Rucco V; Feruglio C; Genco F; Mosanghini R


Servizio di Terapia Fisica, Ospedale di Medicina Fisica e Riabilitazione, Udine.


Riv Eur Sci Med Farmacol 1995 Jan-Feb;17(1):41-50




The AA have conducted a controlled trial to determine the efficacy of two verbal
techniques for muscular relaxation on 53 patients with fibromyalgia. The subjects were
assigned at random to a autogenous training group (27 patients) or a analogic Erickson’s
techniques group (26 patients). The autogenous training showed the presence of various
limits: (1) application limits (in which notable difficulties had to be faced to train the
patients with fibromyalgia to practice the Autogenous training due to the revelation of
“intrusive thoughts” or “abreactions”, or because of the incapacity of the patients to
practice the exercises at home without hearing the instructions of a therapist); (2) limits of
efficacy (the state of optimum training needed many therapeutic sittings in order to be
achieved and the improvements regarded nighttime sleep and morning rigidity, however,
these improvements were less than those obtained with the analogic Erickson’s
techniques). The Erickson’s techniques have showed, instead, many advantages:
numerous patients continued the treatment until it was finished; only a small number of
therapeutic sittings were necessary. There was an improvement of all the parameters
examined, superior compared to the results obtained in the group of patients treated with
autogenous training.


A randomized, controlled clinical trial of education and physical training for women with


Burckhardt CS; Mannerkorpi K; Hedenberg L; Bjelle A


Department of Rheumatology, Sahlgren University Hospital, Gothenburg, Sweden.


J Rheumatol 1994 Apr;21(4):714-20




To determine the effectiveness of self-management education and physical
training in decreasing fibromyalgia (FMS) symptoms and increasing physical and
psychological well being.

A pretest-posttest control group design was used.
Ninety-nine women with FMS were randomly assigned to 1 of 3 groups; 86 completed the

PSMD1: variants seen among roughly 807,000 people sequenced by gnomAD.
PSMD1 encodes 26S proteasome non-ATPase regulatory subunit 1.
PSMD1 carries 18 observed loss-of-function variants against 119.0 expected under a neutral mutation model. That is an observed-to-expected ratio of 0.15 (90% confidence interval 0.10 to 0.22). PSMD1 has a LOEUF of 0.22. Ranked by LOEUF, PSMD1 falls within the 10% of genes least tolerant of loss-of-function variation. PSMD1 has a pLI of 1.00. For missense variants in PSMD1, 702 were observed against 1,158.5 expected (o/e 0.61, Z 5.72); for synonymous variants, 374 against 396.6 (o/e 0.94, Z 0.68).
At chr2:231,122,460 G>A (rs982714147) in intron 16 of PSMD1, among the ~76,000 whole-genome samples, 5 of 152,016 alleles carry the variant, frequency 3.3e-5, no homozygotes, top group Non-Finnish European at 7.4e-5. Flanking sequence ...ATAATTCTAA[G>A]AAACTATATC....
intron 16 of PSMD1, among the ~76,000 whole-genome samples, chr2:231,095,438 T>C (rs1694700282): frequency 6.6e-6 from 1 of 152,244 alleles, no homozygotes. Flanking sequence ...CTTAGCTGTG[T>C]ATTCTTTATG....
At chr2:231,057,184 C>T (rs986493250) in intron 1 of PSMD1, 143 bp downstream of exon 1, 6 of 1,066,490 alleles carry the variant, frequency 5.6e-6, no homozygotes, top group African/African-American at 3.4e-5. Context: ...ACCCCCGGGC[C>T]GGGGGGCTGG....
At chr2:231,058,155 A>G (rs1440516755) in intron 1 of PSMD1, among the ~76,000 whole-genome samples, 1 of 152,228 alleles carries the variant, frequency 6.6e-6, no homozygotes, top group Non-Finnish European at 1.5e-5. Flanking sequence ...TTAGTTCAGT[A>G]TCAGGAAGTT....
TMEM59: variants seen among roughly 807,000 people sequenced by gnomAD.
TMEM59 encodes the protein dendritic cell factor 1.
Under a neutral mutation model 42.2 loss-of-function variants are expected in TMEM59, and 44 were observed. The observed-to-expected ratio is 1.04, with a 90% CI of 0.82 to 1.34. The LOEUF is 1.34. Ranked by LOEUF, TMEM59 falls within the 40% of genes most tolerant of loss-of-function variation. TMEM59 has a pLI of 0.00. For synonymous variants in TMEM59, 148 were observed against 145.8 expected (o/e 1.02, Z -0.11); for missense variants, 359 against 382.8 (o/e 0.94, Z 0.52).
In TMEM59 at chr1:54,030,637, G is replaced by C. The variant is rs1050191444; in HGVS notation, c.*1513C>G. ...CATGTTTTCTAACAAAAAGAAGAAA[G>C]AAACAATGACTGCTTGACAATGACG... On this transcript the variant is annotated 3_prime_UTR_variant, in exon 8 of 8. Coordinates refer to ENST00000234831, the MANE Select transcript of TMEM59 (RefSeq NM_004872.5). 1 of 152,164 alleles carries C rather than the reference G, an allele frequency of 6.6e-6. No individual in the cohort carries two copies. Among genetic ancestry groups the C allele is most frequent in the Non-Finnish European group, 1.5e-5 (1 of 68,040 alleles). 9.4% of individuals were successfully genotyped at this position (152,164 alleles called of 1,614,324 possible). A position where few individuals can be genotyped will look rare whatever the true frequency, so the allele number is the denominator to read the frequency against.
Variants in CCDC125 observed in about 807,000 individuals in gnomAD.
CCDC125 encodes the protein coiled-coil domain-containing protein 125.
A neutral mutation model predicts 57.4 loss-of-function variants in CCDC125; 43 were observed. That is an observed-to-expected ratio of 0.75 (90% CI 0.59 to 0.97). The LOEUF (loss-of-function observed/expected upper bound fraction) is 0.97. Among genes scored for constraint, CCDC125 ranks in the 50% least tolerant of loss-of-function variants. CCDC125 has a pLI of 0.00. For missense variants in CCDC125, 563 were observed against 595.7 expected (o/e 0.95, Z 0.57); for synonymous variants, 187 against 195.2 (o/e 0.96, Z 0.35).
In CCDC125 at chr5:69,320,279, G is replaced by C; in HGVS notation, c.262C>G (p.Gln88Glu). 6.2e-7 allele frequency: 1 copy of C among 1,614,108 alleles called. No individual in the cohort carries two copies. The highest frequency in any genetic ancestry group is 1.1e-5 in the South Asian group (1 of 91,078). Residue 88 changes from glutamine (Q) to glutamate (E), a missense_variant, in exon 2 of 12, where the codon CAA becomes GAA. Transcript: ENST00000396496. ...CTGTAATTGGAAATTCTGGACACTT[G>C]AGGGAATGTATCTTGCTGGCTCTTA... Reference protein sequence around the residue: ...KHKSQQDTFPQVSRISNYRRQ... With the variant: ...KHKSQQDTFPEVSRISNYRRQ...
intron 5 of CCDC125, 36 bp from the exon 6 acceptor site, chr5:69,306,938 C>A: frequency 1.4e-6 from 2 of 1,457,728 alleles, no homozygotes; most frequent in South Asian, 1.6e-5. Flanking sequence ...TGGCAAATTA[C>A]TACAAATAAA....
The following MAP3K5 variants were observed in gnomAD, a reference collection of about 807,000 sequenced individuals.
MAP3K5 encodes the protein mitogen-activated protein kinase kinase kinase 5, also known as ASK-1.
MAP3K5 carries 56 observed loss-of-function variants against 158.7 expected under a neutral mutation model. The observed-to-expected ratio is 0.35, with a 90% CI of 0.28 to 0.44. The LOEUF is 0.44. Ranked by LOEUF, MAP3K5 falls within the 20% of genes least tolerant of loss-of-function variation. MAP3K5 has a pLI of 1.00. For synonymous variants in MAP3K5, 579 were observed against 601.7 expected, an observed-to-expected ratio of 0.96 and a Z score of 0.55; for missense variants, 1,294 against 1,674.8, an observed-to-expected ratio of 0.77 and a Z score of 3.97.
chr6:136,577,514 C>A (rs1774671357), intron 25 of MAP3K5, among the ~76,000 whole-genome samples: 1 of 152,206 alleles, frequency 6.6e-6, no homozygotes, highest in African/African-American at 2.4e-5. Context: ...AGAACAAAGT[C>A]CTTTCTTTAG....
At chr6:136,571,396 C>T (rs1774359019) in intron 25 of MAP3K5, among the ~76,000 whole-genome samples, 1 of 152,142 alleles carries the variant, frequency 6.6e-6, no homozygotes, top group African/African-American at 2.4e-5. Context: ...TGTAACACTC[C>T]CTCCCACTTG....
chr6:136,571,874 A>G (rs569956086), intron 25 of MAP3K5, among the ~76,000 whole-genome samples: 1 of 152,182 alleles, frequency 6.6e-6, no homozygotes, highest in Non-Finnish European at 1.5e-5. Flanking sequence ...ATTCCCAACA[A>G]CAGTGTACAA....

study. The education only group received a 6-week self-management course. The
education plus physical training group received the course and 6 h of training designed to
assist them to exercise independently. The control group got treatment after 3 months.

The experimental programs had a significant positive impact on quality of life
and self-efficacy. Helplessness, number of days feeling bad, physical dysfunction, and pain
in the tender points decreased significantly in one or both of the treated groups when
retested 6 weeks after the end of the program. Longterm followup of 67 treated subjects
showed significant positive changes on the Fibromyalgia Impact Questionnaire primarily in
the physical training group. Among all subjects, 87% were exercising at least 3 times/week
for 20 min or more; 46% said they had increased their exercise level since participating in
the program; 70% were practicing relaxation strategies as needed; 46% were working at
least half time as opposed to 37% at pretest.

Self-efficacy of the treated
groups was enhanced significantly by the program. Other changes were smaller and more
delayed than had been expected. Recommendations for future trials include a longer
education program, more vigorous physical training, and longterm followup.


Treatment of fibromyalgia syndrome with Super Malic: a randomized, double blind,
placebo controlled, crossover pilot study.


Russell IJ; Michalek JE; Flechas JD; Abraham GE


Department of Medicine, University of Texas Health Science Center, San Antonio 78284-7874, USA.


J Rheumatol 1995 May;22(5):953-8





To study the efficacy and safety of Super Malic, a proprietary tablet